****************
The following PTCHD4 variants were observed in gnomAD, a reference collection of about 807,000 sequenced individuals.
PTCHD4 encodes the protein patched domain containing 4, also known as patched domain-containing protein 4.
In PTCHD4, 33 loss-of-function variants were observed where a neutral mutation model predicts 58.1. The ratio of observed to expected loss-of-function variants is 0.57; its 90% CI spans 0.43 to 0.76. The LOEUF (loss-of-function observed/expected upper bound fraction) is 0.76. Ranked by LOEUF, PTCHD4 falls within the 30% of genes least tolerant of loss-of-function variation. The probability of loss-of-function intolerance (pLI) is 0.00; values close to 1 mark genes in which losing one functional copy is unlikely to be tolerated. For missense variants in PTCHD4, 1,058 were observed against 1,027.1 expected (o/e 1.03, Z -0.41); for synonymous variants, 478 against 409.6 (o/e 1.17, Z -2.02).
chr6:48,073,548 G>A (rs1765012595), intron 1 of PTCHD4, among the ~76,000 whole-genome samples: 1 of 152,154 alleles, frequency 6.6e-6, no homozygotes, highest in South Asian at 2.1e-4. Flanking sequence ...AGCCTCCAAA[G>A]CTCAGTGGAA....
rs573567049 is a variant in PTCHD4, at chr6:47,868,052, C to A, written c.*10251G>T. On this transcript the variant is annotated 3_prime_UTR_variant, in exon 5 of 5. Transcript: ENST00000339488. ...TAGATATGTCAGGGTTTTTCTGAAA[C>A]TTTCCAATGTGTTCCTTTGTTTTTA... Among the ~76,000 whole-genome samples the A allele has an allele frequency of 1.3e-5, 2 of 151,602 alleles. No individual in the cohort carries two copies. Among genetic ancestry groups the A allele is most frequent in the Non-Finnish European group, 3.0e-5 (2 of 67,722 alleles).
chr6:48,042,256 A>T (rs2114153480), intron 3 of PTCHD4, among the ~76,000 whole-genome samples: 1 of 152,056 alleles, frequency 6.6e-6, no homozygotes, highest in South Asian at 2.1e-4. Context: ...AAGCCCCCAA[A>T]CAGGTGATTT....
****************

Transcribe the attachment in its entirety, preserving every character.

The following PTCHD4 variants were observed in gnomAD, a reference collection of about 807,000 sequenced individuals.
PTCHD4 encodes the protein patched domain containing 4, also known as patched domain-containing protein 4.
In PTCHD4, 33 loss-of-function variants were observed where a neutral mutation model predicts 58.1. The ratio of observed to expected loss-of-function variants is 0.57; its 90% CI spans 0.43 to 0.76. The LOEUF (loss-of-function observed/expected upper bound fraction) is 0.76. Ranked by LOEUF, PTCHD4 falls within the 30% of genes least tolerant of loss-of-function variation. The probability of loss-of-function intolerance (pLI) is 0.00; values close to 1 mark genes in which losing one functional copy is unlikely to be tolerated. For missense variants in PTCHD4, 1,058 were observed against 1,027.1 expected (o/e 1.03, Z -0.41); for synonymous variants, 478 against 409.6 (o/e 1.17, Z -2.02).
chr6:48,073,548 G>A (rs1765012595), intron 1 of PTCHD4, among the ~76,000 whole-genome samples: 1 of 152,154 alleles, frequency 6.6e-6, no homozygotes, highest in South Asian at 2.1e-4. Flanking sequence ...AGCCTCCAAA[G>A]CTCAGTGGAA....
rs573567049 is a variant in PTCHD4, at chr6:47,868,052, C to A, written c.*10251G>T. On this transcript the variant is annotated 3_prime_UTR_variant, in exon 5 of 5. Transcript: ENST00000339488. ...TAGATATGTCAGGGTTTTTCTGAAA[C>A]TTTCCAATGTGTTCCTTTGTTTTTA... Among the ~76,000 whole-genome samples the A allele has an allele frequency of 1.3e-5, 2 of 151,602 alleles. No individual in the cohort carries two copies. Among genetic ancestry groups the A allele is most frequent in the Non-Finnish European group, 3.0e-5 (2 of 67,722 alleles).
chr6:48,042,256 A>T (rs2114153480), intron 3 of PTCHD4, among the ~76,000 whole-genome samples: 1 of 152,056 alleles, frequency 6.6e-6, no homozygotes, highest in South Asian at 2.1e-4. Context: ...AAGCCCCCAA[A>T]CAGGTGATTT....